Like many of you, I use the music-sharing platform Spotify as my primary listening app. Each week, Spotify generates a new playlist of 30 songs specifically chosen to match each listener’s preferences, called Discover Weekly. My Discover Weekly for the week of January 15-21 included several unfamiliar artists and one very familiar artist: The Northwestern Nor’easters.

The Nor’easters were brought to my attention last spring, when I was abroad and they were winning the International Championship of Collegiate a Cappella. I had since forgotten about the group, until this past week when I saw their name on Spotify. They recently released a new album, Collective, Vol. I, and the song “FOOLS” started playing from my Discover Weekly as I ran errands. Upon realizing what I was listening to, I immediately searched for the rest of their album and listened to it a few times.

The Nor’easters’ album was impressive, demonstrating their dynamic ability to perform various moods with energy and skill. The songs “Cheyenne” and “715- Cr∑∑KS,” the first two of the album, are two poles in texture. “715-Cr∑∑KS,” originally by Bon Iver, emphasized dissonance and utilized strategic silences. My favorite piece off of their album is the song “FOOLS.” The song opens with gentle oohs and aahs filling in the introduction, then the group sets up the verse and drama of the lyrics. It was easy to notice the craftsmanship that went into the creation of the album and this particular song.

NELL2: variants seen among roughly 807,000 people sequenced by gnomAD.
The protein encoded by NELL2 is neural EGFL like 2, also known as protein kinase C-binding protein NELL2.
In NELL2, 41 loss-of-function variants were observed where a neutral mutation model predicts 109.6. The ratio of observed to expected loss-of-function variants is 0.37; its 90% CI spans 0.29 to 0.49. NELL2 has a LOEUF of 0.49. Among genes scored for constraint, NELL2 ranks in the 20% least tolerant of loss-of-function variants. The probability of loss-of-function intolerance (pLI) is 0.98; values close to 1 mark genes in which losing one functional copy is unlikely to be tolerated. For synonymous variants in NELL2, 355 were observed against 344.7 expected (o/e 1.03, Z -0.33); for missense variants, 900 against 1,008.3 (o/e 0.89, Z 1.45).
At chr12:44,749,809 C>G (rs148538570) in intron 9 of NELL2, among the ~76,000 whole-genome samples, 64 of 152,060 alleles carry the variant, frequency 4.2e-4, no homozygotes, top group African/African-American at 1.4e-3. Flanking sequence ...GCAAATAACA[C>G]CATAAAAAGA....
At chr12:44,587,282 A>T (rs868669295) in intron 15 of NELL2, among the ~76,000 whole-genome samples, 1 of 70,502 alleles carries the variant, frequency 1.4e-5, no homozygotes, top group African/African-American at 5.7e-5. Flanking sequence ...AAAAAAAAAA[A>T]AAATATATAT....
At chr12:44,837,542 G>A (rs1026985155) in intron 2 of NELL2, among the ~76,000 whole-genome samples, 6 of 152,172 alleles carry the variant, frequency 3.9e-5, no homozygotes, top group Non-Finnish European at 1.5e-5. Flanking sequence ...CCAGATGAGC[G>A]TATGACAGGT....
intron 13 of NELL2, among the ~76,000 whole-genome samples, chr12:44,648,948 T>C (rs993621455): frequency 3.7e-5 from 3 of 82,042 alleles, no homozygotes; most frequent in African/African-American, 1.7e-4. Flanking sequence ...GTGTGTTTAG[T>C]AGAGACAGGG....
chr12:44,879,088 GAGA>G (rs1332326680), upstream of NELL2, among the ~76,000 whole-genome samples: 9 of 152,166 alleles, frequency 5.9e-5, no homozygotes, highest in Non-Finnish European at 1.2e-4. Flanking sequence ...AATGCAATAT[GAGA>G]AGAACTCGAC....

Upon listening to the album several times, I realized that many Bates groups were likely on Spotify, and I quickly looked up some of my favorite songs. After some digging, I found albums and tracks by many Bates groups. “Love You Long Time” and “Bust Your Windows/Why don’t you love me?” by the Merimanders and “Sexual Healing” by the Deansmen are easily my three favorite tracks by Bates groups on Spotify, and I consequently listened to them on repeat for longer than I would like to admit.

As I listened to the Nor’easters, Deansmen, and Merimanders, I came to the realization that I enjoyed their music as much as I liked the music of other “professional” musicians on Spotify. I started to reflect. Singing sans instruments does not preclude a singer from having talent or devoting time to their craft, and my Spotify history clearly demonstrates that a cappella musicians have audiences. Why don’t we hear more a cappella groups on the radio or online? Why was I so surprised to hear a cappella while I ran errands?

Much like how Facebook caters ads to each user, Spotify runs algorithms to determine what type of music users would like based on their listening habits. While I definitely appreciate some aspects of this technology, I am now left wondering what wonderful music I am missing out on because Spotify doesn’t think I will enjoy it. I am struck by how much I enjoy the a cappella music Spotify had hidden from me, because I had grown so trusting in the application’s ability to predict my music tastes. My biggest takeaway from this realization is that, as intelligent consumers, we should be aware of how often we depend upon algorithms to know our preferences, and how misleading these algorithms can be.